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BFCSA: Westpac’s wealth arm BT targets self-managed super funds. Scary Indeed

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Westpac’s wealth arm BT targets self-managed super funds

The Australian 12:00am January 3, 2018

Michael Roddan

 

Westpac, the only major bank not to completely or partially divest its wealth management businesses, is planning to ramp up its charge into the $700 billion self-managed superannuation market.

While other major lenders are shedding their troublesome pension, investments and life insurance operations, Westpac has backed its wealth management arm, BT Financial Group.

Key to its strategy of retaining the business is targeting the fast-growing SMSF market, which has exploded to house $697bn of the nation’s retirement savings.

The decision to retain its wealth management unit could set Westpac apart from its rivals Commonwealth Bank, ANZ and National Australia Bank, which are refocusing on bread-and-butter banking and mortgages.

CBA recently struck a deal to offload its troubled life insurance business CommInsure and is planning to divest itself of its global asset management arm.

Last year ANZ sold its life insurance arm to Zurich Australia, following the sale of its pensions and investments business to wealth manager IOOF.

NAB in 2016 shifted 80 per cent of its MLC life insurance arm to Japan’s Nippon Life.

However, Westpac has chosen to run a series of investor days telling shareholders it was thoroughly committed to BT Financial.

Chairman Lindsay Maxsted and chief executive Brian Hartzer have also backed BT, which offers insurance, wealth management and investment services for customers of the country’s second-largest bank.

The SMSF strategy comes as a battle rages in the $2.4 trillion super sector over the allocation of default assets, which are managed mostly by the not-for-profit industry fund sector.

The union-and-employee-backed industry funds are campaigning against what they fear is a move to allow for-profit retail funds, run by the large banks, to access a greater share of Australia’s savings.

However, many Australians have been deserting both retail and industry funds to manage their own nest eggs. Self-managed fund assets rose 9.8 per cent from $635bn last financial year, and now represent 30 per cent of all super assets.

BT Financial general manager of platforms and investments John Shuttleworth said only a fraction of the 600,000 self-managed super fund owners were taking advantage of investment platforms provided by major wealth managers.

“There’s around $700bn in self-managed super funds, and it’s been growing,” Mr Shuttleworth said.

“There’s nothing really self-managed about them, because they’re quite complex structures. But only 4 or 5 per cent of that $700bn is already on a platform. There’s a huge opportunity for us to get more of that money.”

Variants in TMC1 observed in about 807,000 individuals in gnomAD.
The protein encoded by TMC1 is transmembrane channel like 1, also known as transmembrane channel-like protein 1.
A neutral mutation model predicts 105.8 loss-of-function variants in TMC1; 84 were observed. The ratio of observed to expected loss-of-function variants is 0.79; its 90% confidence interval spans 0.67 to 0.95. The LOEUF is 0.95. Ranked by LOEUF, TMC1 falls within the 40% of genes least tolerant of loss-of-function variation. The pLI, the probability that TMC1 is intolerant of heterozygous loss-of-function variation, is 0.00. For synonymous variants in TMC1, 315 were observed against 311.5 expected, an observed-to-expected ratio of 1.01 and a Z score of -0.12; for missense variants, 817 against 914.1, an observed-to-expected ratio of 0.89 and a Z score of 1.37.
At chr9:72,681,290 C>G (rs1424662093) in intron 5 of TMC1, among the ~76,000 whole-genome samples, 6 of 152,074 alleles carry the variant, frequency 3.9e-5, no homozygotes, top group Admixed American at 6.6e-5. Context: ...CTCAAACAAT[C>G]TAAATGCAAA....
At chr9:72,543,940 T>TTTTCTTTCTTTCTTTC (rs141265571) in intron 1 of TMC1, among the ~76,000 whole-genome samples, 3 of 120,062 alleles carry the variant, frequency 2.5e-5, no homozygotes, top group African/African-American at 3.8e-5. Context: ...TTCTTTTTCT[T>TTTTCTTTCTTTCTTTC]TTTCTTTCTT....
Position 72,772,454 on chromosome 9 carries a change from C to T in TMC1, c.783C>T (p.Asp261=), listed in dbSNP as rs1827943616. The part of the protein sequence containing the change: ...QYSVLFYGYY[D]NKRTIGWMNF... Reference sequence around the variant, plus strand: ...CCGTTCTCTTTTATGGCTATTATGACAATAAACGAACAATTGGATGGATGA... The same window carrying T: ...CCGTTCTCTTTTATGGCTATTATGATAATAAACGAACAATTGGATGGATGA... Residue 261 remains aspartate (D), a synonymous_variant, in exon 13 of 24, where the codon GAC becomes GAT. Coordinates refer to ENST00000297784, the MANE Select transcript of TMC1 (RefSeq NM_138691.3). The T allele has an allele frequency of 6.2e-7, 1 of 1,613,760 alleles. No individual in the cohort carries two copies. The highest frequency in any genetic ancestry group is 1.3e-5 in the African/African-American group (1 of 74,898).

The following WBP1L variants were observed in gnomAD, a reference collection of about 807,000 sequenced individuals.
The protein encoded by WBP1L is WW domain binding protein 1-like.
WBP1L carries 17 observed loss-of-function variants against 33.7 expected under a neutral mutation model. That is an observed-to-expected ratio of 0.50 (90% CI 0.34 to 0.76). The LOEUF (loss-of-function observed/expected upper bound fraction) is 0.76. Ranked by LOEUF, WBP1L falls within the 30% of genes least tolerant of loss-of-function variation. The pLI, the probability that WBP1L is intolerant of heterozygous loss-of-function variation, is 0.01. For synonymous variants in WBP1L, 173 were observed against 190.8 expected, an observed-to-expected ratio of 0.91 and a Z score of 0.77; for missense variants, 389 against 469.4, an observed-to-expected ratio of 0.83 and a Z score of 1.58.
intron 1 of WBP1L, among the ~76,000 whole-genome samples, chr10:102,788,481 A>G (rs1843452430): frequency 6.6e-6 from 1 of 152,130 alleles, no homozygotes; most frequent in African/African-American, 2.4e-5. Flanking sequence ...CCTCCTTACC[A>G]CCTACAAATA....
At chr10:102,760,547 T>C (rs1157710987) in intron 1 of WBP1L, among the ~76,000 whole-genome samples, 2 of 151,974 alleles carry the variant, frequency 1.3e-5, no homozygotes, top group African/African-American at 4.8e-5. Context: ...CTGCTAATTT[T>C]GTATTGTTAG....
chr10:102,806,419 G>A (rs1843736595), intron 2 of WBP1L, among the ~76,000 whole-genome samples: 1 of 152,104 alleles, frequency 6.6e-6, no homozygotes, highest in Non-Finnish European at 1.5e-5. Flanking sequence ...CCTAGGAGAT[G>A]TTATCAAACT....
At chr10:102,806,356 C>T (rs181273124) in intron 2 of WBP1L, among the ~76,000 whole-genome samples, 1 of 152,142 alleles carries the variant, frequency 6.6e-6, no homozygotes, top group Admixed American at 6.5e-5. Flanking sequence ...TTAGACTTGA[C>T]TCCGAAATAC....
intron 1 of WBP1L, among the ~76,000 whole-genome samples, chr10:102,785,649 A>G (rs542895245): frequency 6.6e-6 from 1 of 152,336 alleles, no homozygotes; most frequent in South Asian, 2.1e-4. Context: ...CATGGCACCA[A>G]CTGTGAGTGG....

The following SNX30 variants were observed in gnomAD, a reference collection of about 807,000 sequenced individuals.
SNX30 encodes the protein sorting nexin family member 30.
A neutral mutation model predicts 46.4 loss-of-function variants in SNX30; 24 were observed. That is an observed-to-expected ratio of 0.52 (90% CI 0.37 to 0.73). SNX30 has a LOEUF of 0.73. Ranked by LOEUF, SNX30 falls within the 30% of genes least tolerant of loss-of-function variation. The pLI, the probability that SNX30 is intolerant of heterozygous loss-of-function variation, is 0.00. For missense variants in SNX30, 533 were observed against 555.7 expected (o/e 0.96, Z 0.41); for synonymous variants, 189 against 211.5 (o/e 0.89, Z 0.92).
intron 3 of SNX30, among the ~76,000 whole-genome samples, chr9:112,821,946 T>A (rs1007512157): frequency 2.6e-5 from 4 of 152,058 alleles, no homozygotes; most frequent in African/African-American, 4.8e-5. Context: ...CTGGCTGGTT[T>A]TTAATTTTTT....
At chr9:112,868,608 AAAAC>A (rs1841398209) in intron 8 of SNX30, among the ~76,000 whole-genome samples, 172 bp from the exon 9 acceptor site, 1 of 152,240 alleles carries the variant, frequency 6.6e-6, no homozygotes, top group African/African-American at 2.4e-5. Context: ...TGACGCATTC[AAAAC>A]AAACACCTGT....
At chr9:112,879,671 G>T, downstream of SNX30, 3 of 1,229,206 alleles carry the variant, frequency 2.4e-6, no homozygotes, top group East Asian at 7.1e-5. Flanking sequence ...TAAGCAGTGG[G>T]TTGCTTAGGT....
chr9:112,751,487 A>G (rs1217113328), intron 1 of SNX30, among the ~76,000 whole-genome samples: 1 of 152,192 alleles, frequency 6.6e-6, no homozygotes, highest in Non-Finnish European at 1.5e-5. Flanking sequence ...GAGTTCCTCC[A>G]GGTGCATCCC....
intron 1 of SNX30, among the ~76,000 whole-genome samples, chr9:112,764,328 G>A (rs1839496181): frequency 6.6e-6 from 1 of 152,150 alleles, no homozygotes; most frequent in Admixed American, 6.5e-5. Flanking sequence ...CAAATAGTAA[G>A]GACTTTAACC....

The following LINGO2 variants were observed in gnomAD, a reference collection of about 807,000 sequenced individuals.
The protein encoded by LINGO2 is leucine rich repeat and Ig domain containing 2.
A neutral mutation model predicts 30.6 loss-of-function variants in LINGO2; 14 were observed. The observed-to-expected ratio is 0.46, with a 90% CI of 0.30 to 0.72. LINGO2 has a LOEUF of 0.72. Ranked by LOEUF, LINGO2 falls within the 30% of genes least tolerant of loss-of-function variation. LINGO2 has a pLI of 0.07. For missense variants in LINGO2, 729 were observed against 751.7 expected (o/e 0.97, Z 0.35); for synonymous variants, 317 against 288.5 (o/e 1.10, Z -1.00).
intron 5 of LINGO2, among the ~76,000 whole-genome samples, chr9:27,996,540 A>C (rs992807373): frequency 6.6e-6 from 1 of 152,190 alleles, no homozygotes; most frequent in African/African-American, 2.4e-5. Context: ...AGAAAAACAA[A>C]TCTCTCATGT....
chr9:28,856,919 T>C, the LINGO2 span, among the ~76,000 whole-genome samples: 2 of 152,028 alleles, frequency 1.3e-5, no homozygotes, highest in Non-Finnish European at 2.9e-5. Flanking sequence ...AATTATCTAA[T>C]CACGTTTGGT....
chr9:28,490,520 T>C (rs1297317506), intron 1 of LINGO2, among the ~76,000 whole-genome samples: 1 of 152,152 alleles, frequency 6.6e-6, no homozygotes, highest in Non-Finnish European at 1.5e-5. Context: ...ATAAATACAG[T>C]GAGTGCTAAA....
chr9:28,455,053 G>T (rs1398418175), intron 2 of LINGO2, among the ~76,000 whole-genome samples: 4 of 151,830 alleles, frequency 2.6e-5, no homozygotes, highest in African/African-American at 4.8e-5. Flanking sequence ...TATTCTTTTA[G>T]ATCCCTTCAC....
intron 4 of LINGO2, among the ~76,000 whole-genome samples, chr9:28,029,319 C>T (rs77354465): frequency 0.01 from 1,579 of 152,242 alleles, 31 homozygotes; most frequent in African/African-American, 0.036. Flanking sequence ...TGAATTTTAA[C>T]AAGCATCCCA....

A platform or wrap helps consumers access a range of shares and managed investment options, usually at wholesale prices. They administer superannuation assets and simplify the investment process as the tax reporting and portfolio valuations are consolidated.

Westpac has already spent about $500 million on an IT project for its Panorama platform, designed to fend off the threat from digital upstarts.

BT Financial has a 20 per cent share in the platforms market, and Westpac sees a great benefit if it can draw just 10 per cent of SMSF assets to its platforms.

For comparison, AMP has an 18 per cent share in the platform business, while CBA controls about 15 per cent.

The $2.4 trillion pool of superannuation savings is roughly divided into thirds, with industry funds, retail funds and SMSFs each accounting for savings outside public sector or corporate nest eggs. The SMSF market has been the fastest growing of the three, with more savers opting to take greater control of their savings, despite a generally poorer track record of investment returns.

With about $2 trillion in investment assets on top of super savings, Mr Shuttleworth said there was a big opportunity for the bank.

“If you look at the economics, you’ve got a $4 trillion market. Someone has to administer those assets,” he said.

“It’s a highly attractive market.

“Even with pricing pressure and margin pressure, it’s a highly attractive proposition because of the cash and the investment returns you can get.”

Over the year through to September, funds under administration on BT Financial platforms rose 6.2 per cent to $113bn. The number of SMSF funds on Panorama doubled over the year to 4300. The number of investors nearly tripled to 12,000 over the same period. Advisers using the platform rose from 800 to 1350.

At the bank’s recent full-year results in November, Mr Hartzer said Panorama was setting up the bank for future growth following significant investment.

“The core idea here is that the Australian population is ageing. They need advice, they need insurance,” Mr Hartzer said.

 

“We still have work to do in advice and insurance sales. (But) BT is going to be an increasing point of difference over the next few years.”

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